Angell approaches the art of interpreting animals with extensive research and then lets his feelings, and the stone, guide his work to completion. "My philosophy," he explains, "is to do work that is satisfying to me because it results in an affirmation of that part of the subject that is most attractive, appealing and compelling.  For example, in Magpie I tried to capture the birds sense of inquisitiveness, its wise and sagacious nature, while still paying tribute to the flow of its wings and the sweep of its long tail I've tried to understand my subjects as much as possible, from the inside out." 

By studying animals through taxidermy as well as in the wild, Angell has developed an appreciation of such nuances as the musculature of the wings, the nature and shape of the bill and, in the case of magpies and ravens, the bills capacity to perform a variety of intricate tasks. "I think knowing about the subject from its behavior and its anatomical and spiritual side results in a re-composition of all of those parts in my sculpture".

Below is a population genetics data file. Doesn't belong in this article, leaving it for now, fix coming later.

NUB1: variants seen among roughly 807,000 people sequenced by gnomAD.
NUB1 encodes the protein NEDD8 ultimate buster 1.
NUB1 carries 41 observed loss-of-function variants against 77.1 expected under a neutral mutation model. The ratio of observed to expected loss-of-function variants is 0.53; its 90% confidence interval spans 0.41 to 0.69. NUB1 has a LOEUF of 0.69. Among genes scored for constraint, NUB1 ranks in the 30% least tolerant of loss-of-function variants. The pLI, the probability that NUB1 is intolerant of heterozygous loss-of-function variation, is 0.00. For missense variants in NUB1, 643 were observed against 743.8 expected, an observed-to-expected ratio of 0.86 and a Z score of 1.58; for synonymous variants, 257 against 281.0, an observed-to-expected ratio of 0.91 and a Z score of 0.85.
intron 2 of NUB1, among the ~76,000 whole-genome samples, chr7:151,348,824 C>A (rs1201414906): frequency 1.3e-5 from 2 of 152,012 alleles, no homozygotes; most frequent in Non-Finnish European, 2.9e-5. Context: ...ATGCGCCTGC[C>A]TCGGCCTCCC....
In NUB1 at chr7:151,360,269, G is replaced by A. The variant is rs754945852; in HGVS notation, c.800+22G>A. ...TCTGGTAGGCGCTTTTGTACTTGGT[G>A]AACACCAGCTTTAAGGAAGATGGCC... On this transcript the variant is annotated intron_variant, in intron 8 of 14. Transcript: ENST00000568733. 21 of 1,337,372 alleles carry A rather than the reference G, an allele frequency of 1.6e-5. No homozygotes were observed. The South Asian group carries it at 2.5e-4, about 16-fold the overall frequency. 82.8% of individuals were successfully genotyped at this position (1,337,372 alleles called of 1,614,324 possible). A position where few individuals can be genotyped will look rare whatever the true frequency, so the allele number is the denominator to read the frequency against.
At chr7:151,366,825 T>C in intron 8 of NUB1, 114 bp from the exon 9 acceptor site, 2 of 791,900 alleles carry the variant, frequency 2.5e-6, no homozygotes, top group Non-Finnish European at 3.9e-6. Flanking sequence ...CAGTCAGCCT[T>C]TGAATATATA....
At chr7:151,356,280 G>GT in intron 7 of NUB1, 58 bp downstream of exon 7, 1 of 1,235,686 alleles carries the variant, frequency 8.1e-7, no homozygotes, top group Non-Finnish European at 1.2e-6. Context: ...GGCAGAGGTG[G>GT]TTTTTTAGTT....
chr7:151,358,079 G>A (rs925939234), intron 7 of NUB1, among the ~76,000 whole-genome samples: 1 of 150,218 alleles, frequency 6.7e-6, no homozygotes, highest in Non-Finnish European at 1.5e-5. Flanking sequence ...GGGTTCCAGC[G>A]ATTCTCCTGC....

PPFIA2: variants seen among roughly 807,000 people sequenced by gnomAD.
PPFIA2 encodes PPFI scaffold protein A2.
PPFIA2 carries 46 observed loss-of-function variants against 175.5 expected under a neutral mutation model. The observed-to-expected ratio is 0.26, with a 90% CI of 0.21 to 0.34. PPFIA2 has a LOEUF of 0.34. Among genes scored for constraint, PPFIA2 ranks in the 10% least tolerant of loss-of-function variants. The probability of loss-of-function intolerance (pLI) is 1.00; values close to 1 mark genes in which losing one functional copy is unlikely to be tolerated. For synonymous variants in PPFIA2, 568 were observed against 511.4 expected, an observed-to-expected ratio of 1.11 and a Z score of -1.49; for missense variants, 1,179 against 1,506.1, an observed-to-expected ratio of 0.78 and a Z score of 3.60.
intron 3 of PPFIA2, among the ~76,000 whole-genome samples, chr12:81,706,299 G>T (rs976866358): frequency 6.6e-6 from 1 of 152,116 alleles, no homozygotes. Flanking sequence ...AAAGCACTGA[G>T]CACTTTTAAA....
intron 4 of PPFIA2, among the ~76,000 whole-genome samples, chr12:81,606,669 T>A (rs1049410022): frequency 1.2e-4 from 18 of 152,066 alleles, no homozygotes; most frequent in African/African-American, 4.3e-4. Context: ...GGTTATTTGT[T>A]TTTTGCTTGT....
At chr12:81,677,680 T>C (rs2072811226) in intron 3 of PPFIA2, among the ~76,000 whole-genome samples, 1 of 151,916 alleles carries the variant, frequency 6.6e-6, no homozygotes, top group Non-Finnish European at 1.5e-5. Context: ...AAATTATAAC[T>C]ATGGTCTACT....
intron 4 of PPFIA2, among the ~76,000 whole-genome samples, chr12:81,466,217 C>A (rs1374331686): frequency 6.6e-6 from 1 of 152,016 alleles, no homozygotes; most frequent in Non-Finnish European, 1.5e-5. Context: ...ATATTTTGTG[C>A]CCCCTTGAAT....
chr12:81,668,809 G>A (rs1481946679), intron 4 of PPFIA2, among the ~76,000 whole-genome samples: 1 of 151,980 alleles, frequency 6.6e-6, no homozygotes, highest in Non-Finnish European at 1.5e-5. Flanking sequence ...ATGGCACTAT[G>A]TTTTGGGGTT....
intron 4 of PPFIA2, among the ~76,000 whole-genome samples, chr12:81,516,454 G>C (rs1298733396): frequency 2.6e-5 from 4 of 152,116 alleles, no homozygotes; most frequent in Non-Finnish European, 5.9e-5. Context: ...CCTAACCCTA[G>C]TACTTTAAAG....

"Personal events have a powerful influence on my emotions.  Being in love, having children, suffering a loss of someone close have all strongly influenced my work. Everybody in the arts has a favorite vehicle for expressing emotions, giving them tangible form, mine happens to be subjects in nature.  I'm eager to know more about birds.  Bird forms have been a powerful influence for me.  I'm not interested in replicating the bird; I'm interested in employing the form to express what I am feeling.  Northwest Coast Indian art has also been an influence.  Although my work is nothing like it, I've always been interested in it, in the quality of the abstractions. Also, the same subjects that I've chosen to work with are used.  I'm particularly appreciative of how this style of art expresses spirituality".

Angell seeks to involve the viewer with his works. "Sculpture is incomplete if the person fails to feel the form; touch gives fullness to the three dimensional experience.  It's my intention that these pieces be embraced by the hand. I believe this physical engagement is fundamental to understanding the extraordinary forms of nature."